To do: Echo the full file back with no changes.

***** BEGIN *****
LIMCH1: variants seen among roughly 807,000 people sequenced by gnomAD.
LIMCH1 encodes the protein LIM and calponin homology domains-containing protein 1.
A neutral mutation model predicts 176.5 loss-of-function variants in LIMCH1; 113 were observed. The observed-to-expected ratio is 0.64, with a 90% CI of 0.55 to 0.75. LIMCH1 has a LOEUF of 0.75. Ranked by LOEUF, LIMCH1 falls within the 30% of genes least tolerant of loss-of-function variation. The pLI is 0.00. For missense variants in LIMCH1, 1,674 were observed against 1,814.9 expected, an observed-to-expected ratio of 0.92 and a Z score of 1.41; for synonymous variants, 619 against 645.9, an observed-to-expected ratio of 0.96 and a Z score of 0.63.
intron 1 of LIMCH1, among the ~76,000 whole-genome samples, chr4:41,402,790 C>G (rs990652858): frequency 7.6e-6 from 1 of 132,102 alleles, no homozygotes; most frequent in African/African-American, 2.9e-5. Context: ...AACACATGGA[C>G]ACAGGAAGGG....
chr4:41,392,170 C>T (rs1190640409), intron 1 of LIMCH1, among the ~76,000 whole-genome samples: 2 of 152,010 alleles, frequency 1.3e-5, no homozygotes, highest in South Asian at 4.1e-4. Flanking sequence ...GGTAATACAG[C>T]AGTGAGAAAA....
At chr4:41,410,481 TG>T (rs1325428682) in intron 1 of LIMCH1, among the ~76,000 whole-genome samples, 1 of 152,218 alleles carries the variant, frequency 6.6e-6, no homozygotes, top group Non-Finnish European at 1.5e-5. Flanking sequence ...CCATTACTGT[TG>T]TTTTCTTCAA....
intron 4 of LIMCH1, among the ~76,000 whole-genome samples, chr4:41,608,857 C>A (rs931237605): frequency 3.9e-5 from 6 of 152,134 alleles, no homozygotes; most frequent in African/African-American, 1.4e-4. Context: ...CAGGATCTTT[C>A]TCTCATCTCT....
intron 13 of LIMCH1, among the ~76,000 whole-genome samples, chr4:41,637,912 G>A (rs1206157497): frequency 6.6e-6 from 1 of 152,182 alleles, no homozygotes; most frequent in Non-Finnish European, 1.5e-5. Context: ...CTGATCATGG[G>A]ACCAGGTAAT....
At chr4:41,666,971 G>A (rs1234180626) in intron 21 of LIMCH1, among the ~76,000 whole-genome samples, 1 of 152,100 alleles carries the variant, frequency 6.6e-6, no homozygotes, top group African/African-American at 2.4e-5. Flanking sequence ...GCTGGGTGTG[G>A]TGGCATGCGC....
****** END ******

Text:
LIMCH1: variants seen among roughly 807,000 people sequenced by gnomAD.
LIMCH1 encodes the protein LIM and calponin homology domains-containing protein 1.
A neutral mutation model predicts 176.5 loss-of-function variants in LIMCH1; 113 were observed. The observed-to-expected ratio is 0.64, with a 90% CI of 0.55 to 0.75. LIMCH1 has a LOEUF of 0.75. Ranked by LOEUF, LIMCH1 falls within the 30% of genes least tolerant of loss-of-function variation. The pLI is 0.00. For missense variants in LIMCH1, 1,674 were observed against 1,814.9 expected, an observed-to-expected ratio of 0.92 and a Z score of 1.41; for synonymous variants, 619 against 645.9, an observed-to-expected ratio of 0.96 and a Z score of 0.63.
intron 1 of LIMCH1, among the ~76,000 whole-genome samples, chr4:41,402,790 C>G (rs990652858): frequency 7.6e-6 from 1 of 132,102 alleles, no homozygotes; most frequent in African/African-American, 2.9e-5. Context: ...AACACATGGA[C>G]ACAGGAAGGG....
chr4:41,392,170 C>T (rs1190640409), intron 1 of LIMCH1, among the ~76,000 whole-genome samples: 2 of 152,010 alleles, frequency 1.3e-5, no homozygotes, highest in South Asian at 4.1e-4. Flanking sequence ...GGTAATACAG[C>T]AGTGAGAAAA....
At chr4:41,410,481 TG>T (rs1325428682) in intron 1 of LIMCH1, among the ~76,000 whole-genome samples, 1 of 152,218 alleles carries the variant, frequency 6.6e-6, no homozygotes, top group Non-Finnish European at 1.5e-5. Flanking sequence ...CCATTACTGT[TG>T]TTTTCTTCAA....
intron 4 of LIMCH1, among the ~76,000 whole-genome samples, chr4:41,608,857 C>A (rs931237605): frequency 3.9e-5 from 6 of 152,134 alleles, no homozygotes; most frequent in African/African-American, 1.4e-4. Context: ...CAGGATCTTT[C>A]TCTCATCTCT....
intron 13 of LIMCH1, among the ~76,000 whole-genome samples, chr4:41,637,912 G>A (rs1206157497): frequency 6.6e-6 from 1 of 152,182 alleles, no homozygotes; most frequent in Non-Finnish European, 1.5e-5. Context: ...CTGATCATGG[G>A]ACCAGGTAAT....
At chr4:41,666,971 G>A (rs1234180626) in intron 21 of LIMCH1, among the ~76,000 whole-genome samples, 1 of 152,100 alleles carries the variant, frequency 6.6e-6, no homozygotes, top group African/African-American at 2.4e-5. Flanking sequence ...GCTGGGTGTG[G>A]TGGCATGCGC....